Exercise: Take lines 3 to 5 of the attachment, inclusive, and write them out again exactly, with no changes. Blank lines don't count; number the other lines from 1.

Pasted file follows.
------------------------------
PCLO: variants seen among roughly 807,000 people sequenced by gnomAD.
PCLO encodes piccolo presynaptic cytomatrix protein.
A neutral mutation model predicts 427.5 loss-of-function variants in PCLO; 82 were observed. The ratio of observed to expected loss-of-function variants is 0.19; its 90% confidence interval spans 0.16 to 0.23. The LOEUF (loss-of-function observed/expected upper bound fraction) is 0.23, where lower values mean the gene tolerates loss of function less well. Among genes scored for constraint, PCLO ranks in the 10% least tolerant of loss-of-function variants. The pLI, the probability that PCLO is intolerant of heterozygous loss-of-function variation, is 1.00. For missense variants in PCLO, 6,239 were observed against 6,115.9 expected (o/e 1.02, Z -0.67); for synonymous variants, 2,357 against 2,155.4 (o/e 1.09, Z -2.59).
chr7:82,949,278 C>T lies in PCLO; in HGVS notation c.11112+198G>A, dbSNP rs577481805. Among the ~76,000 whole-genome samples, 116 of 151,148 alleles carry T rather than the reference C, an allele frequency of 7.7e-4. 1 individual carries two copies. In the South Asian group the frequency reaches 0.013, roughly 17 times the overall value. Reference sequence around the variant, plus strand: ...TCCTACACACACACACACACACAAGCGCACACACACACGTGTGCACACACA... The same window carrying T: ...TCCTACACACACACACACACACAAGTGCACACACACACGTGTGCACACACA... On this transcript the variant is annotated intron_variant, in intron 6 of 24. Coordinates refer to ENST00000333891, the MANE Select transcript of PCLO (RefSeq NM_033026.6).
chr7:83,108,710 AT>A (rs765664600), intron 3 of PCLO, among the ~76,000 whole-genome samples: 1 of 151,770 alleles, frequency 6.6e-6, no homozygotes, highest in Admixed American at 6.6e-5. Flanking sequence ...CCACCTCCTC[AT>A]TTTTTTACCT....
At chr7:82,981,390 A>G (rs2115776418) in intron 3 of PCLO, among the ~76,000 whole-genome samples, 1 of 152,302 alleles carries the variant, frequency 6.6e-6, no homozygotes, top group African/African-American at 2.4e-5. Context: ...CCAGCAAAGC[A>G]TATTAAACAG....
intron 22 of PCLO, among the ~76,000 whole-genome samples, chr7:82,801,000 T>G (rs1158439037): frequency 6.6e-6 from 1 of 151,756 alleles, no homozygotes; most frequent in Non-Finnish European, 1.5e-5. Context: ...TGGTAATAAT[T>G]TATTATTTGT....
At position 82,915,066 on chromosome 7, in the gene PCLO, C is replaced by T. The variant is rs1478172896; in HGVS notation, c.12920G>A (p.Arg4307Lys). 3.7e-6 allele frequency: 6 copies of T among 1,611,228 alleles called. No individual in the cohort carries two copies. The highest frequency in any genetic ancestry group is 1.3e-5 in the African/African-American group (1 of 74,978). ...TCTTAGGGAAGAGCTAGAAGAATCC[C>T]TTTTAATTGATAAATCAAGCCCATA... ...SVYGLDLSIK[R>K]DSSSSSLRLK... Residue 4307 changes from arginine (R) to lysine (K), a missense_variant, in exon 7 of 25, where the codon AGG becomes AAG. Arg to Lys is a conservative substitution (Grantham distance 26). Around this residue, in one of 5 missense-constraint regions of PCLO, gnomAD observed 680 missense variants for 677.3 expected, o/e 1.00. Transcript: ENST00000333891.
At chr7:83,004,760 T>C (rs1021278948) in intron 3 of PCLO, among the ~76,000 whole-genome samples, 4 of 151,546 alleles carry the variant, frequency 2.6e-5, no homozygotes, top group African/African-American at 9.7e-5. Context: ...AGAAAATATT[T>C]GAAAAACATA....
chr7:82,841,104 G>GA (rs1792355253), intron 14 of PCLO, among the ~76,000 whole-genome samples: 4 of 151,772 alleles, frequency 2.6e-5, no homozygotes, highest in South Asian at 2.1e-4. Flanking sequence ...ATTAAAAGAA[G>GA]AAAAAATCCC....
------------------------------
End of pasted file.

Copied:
A neutral mutation model predicts 427.5 loss-of-function variants in PCLO; 82 were observed. The ratio of observed to expected loss-of-function variants is 0.19; its 90% confidence interval spans 0.16 to 0.23. The LOEUF (loss-of-function observed/expected upper bound fraction) is 0.23, where lower values mean the gene tolerates loss of function less well. Among genes scored for constraint, PCLO ranks in the 10% least tolerant of loss-of-function variants. The pLI, the probability that PCLO is intolerant of heterozygous loss-of-function variation, is 1.00. For missense variants in PCLO, 6,239 were observed against 6,115.9 expected (o/e 1.02, Z -0.67); for synonymous variants, 2,357 against 2,155.4 (o/e 1.09, Z -2.59).
chr7:82,949,278 C>T lies in PCLO; in HGVS notation c.11112+198G>A, dbSNP rs577481805. Among the ~76,000 whole-genome samples, 116 of 151,148 alleles carry T rather than the reference C, an allele frequency of 7.7e-4. 1 individual carries two copies. In the South Asian group the frequency reaches 0.013, roughly 17 times the overall value. Reference sequence around the variant, plus strand: ...TCCTACACACACACACACACACAAGCGCACACACACACGTGTGCACACACA... The same window carrying T: ...TCCTACACACACACACACACACAAGTGCACACACACACGTGTGCACACACA... On this transcript the variant is annotated intron_variant, in intron 6 of 24. Coordinates refer to ENST00000333891, the MANE Select transcript of PCLO (RefSeq NM_033026.6).
chr7:83,108,710 AT>A (rs765664600), intron 3 of PCLO, among the ~76,000 whole-genome samples: 1 of 151,770 alleles, frequency 6.6e-6, no homozygotes, highest in Admixed American at 6.6e-5. Flanking sequence ...CCACCTCCTC[AT>A]TTTTTTACCT....